It wasn’t originally conceived as a way to celebrate the return of live Broadway performances but given its airdate, PBS’ Wicked in Concert: A Musical Celebration of the Iconic Broadway Score has become just that with live Broadway shows now slated to return on in just a few weeks, on Tuesday, September 14th.
In this special, some very recognizable names in musical theater will be performing songs from the smash hit Wicked, arranged musically by Stephen Schwartz, with Winnie Holzman as the book writer.
The special is co‑hosted by Wicked’s original Broadway stars, Emmy- and Tony Award‑winner Kristin Chenoweth and Tony Award‑winner Idina Menzel, and features performances by Ariana DeBose, Cynthia Erivo, Stephanie Hsu, country artist Jennifer Nettles, Alex Newell, Isaac Powell, Amber Riley, Gabrielle Ruiz, and also includes EGOT winner Rita Moreno, among others.
“Wicked” in Concert is directed by Broadway legend Baayork Lee with musical direction by Luke Frazier. The orchestra arrangements are created by Frazier with members of the American Pops Orchestra.
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Reminiscing about the early days of the musical, Schwartz says, “We did a whole lot of workshops and readings leading up to actual performances, but the first performance, we were, of course, terrified. The show was at least a half‑hour longer than it is now. We didn’t even know if the scenery was going to fall down. But when it started and Kristin came out and said, ‘It’s good to see me, isn’t it,’ and got a wonderful response from the audience, we were a bit relieved. Then when Idina made her entrance as the Wicked Witch of the West and she got entrance applause, we thought, ‘okay, maybe we are going to be all right here.’”
Speaking about one of the most recognizable songs from Wicked, a heartfelt duet sung by lead characters Elphaba and Glinda, entitled “For Good”, Shwartz remarks, “All the songs [I write] are my children, which, of course, is a bit of a cliché, but we do try not to play favorites. That being said, I’m really proud of “For Good.” I am so proud of how it’s come to be used outside the show for everything from graduations to funerals.”
He’s quick to add, “I want to give the book writer of Wicked, Winnie Holzman, some credit, because she actually came up with the title. When we were first talking about the final song for Elphaba and Glinda and I was brainstorming with [her], and at one point she just said in the conversation, ‘Well, you know, they have had such an impact on one another. Really they have changed each other for good.’ And I said, ‘I’m hanging up now because that’s one of the best titles for a song I can imagine. Thank you for giving me the title. Now I am going to go write it.’”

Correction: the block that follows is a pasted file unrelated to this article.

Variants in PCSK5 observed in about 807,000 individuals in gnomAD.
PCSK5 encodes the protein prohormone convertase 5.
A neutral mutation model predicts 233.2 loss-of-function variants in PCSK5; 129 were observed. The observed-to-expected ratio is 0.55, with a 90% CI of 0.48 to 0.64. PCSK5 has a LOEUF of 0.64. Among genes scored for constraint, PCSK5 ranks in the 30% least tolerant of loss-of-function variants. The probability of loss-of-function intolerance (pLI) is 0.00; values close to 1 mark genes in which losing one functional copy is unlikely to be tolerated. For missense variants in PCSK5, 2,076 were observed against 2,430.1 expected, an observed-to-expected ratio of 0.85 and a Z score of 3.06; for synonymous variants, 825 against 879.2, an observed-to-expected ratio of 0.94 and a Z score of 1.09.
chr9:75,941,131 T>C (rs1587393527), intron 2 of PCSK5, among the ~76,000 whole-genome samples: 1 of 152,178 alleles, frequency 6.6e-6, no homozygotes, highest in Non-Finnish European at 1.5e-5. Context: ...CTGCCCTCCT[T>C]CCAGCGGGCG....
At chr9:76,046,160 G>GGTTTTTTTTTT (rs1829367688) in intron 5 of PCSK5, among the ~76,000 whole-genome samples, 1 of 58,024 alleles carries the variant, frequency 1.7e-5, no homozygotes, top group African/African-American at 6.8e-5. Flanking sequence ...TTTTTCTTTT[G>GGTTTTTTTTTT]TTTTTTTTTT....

Frazier says that PBS is the perfect platform for the event, pointing out, “It is not easy to get to New York to see the show, so what better way to reach the country than through a PBS special?”
The movie version of Wicked that’s been much talked about is happening, says Schwartz. “Yes, you will see the movie. I can say definitively. I can’t give you a definitive date, but as you know, we have a director, wonderful director, John M. Chu, who directed the superb movie version of In the Heights. He is working away. Writing is being done. Studios are being booked. Casting is being discussed. So, I’m confident that we’ll see it eventually.”
Looking back on his work, Schwartz says that with a new project, “I mostly agonize over everything.”
Breaking that thought down a bit more, he adds, “In the end, with some experience now behind me, I recognize that most importantly for me, I need to deliver the musical lyrics, and I also need to be collaborative with both the director, choreographer, and of course my co‑writer, but also with the performers and try to make adjustments for them so that they can perform with confidence and be able to bring their best selves to the material.”
With the upcoming 50th anniversary of two of Schwartz’s musicals, Godspell and Pippin, he talks a bit about celebrating the milestones of those projects, saying, ”Pre‑COVID, there were some plans for Godspell revival. Obviously, that was shelved for the time being, so it won’t be a 50th anniversary, but I hope that will come to pass. Some exciting people were starting to talk about working on it. There have always been discussions about a Pippin movie. I think it would lend itself very well to film if one could solve how to translate the theatrical conceit of the show to film.”
About the fairly new model of filming stage shows for air on broadcast television, for streaming, and/or theatrical release, Schwartz says, “Well, there didn’t used to be Netflix
“Wicked” in Concert, premieres on PBS Sunday, August 29th, at 9 p.m. Eastern.